The Global Development Studies 3-week summer course offers student an introduction to key issues affecting the world at present. It looks at the relationships between so-called developed and developing countries and related organisations. Some ofthe important debates facing the world today, democracy, migration, foreign aid and the environment, are presented and discussed.
The course is composed of a mix of formal lectures, discussion and seminars and weekly case studies. Presentations will be given by guest speakers, working in the field, on some ofthe issues examined during the course.
The subject content is supported by integrated English classes, which help to make challenging topics more accessible.
SOAS is world renowned for Developement Studies, with a current global ranking of 5th in the QS World University Rankings. This summer course provides an introduction to central questions in this subject area for students of intermediate level of English and above.
Mode of Attendance: Online Learning
This 3-week course explores the following topics:
Topic 1: Overview of the Sustainable Development Goals (SDGs)
The course starts with a focus on the Sustainable Development Goals (SDGs), driven by the United Nations. The SDGs are framed by the UN as a ‘call for action by all countries ... to promote prosperity while protecting the planet’. The strengths and weaknesses of the SDG initiative are examined. Case studies of different ways of measuring levels of development in countries are discussed.
Topic 2: The Global ‘Crisis of Governance’: Liberal Democracy, Authoritarianism, Corruption and Development
The second topic centres on an analysis of the ‘global crisis of governance’. Whether undemocratic regimes are obstacles to development is examined. Case studies of different forms of corruption, and their consequences for the development of societies, are discussed.
Topic 3: Migration, the Refugee Crisis and Humanitarian Responses
The focus of topic three is migration issues, the refugee crisis and the work of humanitarian agencies. The case of migration to Europe is evaluated.
Topic 4: Foreign Aid – It’s Good, It’s Bad, It Depends
Topic four moves on from examining the work of humanitarian agencies to provide a more detailed analysis of foreign aid. The shifting nature of aid as provided by Western donors, such as the US and the UK, is outlined. The rising importance of non-Western donors in shaping the future ideology of aid, as well as its implementation on the ground, is considered. Case studies of Chinese aid are outlined and discussed.
Topic 5: The Global Environmental Crisis
Topic five is the global environmental crisis, focusing on different proposed solutions to problems, such as climate change. Case studies of the work of radical environmental groups are assessed.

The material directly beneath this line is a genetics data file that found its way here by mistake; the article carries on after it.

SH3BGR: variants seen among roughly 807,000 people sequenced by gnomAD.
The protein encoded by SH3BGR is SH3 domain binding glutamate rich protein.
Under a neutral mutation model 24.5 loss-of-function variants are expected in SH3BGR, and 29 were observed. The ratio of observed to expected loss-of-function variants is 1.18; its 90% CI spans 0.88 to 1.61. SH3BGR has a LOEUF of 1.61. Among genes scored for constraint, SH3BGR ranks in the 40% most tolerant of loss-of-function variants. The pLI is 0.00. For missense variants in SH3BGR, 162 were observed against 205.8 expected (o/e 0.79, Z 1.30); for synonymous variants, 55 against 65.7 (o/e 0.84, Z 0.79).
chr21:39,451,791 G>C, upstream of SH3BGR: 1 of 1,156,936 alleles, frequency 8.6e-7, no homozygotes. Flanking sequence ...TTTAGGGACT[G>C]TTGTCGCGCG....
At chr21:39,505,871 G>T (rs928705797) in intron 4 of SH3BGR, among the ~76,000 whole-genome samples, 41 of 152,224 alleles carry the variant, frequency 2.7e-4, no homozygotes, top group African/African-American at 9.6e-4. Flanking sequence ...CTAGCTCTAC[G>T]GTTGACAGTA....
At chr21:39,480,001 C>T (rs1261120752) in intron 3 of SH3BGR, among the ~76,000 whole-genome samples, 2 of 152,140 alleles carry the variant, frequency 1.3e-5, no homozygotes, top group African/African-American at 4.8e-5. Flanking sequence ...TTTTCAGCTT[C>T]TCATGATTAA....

Topic 6: Civil Society Organisations: Can Citizen-led Groups Bring Major Change to Societies?
Topic six is based on an examination of arguments that civil society organisations, formed without state interference and led by citizens, can bring major changes to individual societies and the world as a whole. Case studies of the work of civil society organisations in Asia, Africa and Europe are introduced.
The information on the programme page reflects the intended programme structure against the given academic session. If you are a current student you can find structure information on the previous year link at the top of the page or through your Department. Please read the important notice regarding changes to programmes and modules.
Teaching & Learning
Subject courses with English support are taught by two teachers, a subject specialist and a language expert. The subject classes use lectures, seminars and cases studies, whereas the integrated language classes focus on skills development (especially speaking and listening) using the subject content.
This is a full-time course with interactive live classes every day (mornings UK time), plus daily independent guided study. Students work towards delivering a presentation at the end of the course. You can expect to strengthen language skills and deepen subject knowledge, whilst gaining greater confidence in communicating in English in an academic setting.
All teaching takes place online using easy-to-use platforms. You will need a computer with a webcam and mic.
The maximum number of students per class is 15.
You will receive a certificate for successful course completion.
Students will also have access to SOAS library including our wide range of e-books and e-journals.
Students should be at an intermediate level of English in order to follow and participate in classes. We do not require proof of English level, but as a guideline IELTS 5.5, TOEFL IBT 76 (or equivalent) are recommended.
For further information please see our Frequently Asked Questions page.
2021 Tuition Fees
• 3 weeks (1 block): £1,200 GBP
• 6 weeks (2 blocks): £2,250 GBP (save £150*)
• 9 weeks (3 blocks): £3,075 GBP (save £525*)
*Compared to the cost of multiple individual blocks. The reduced fees for multiple blocks above are available for 2 or 3 blocks booked at the same time. The fee for any additional blocks booked after the initial application will be £1,200 for one extra block and £2,250 for two.
How to Apply
Apply through the Summer Online Application, or if you have problems with the online form, the application form is also available in PDF and Word format to download on the right side of the main Summer Programme Page.
Please ensure you send a scanned copy of a suitable identity document (see form for details).
You will be sent an invoice and receipt for the course fees when you have accepted the offer and paid for your place on the course. Refunds of the course fees are only made at the discretion of SOAS in exceptional circumstances. If you have any queries, please see the FAQs or email email@example.com.
For instructions on how to pay, see IFCELS Fees. Please also see the full Terms and Conditions